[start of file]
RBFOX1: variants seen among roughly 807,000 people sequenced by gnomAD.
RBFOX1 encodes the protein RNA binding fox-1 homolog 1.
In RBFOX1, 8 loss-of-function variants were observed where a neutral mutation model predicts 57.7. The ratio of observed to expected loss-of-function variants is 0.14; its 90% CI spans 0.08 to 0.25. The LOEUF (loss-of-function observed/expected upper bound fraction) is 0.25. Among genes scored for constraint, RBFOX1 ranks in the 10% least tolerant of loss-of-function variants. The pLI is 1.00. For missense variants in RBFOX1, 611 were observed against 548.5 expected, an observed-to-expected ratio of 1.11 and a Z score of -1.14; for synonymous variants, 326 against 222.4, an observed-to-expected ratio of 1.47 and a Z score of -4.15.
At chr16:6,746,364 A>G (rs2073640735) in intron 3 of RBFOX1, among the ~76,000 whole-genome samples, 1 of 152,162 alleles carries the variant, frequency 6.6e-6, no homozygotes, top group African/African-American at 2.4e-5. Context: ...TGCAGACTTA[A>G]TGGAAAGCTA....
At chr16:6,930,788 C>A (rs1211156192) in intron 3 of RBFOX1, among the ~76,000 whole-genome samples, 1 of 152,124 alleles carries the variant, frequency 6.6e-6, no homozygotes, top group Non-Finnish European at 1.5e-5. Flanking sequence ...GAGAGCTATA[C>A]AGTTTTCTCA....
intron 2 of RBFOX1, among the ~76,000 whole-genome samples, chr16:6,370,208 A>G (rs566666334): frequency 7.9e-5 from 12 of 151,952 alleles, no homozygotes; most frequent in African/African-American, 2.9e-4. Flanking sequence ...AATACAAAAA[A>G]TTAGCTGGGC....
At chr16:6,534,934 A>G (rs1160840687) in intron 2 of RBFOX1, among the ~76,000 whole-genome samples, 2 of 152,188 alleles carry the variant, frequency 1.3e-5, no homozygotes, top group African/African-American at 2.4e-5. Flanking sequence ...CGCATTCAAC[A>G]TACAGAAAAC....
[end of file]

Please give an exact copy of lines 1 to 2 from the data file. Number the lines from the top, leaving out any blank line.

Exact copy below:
RBFOX1: variants seen among roughly 807,000 people sequenced by gnomAD.
RBFOX1 encodes the protein RNA binding fox-1 homolog 1.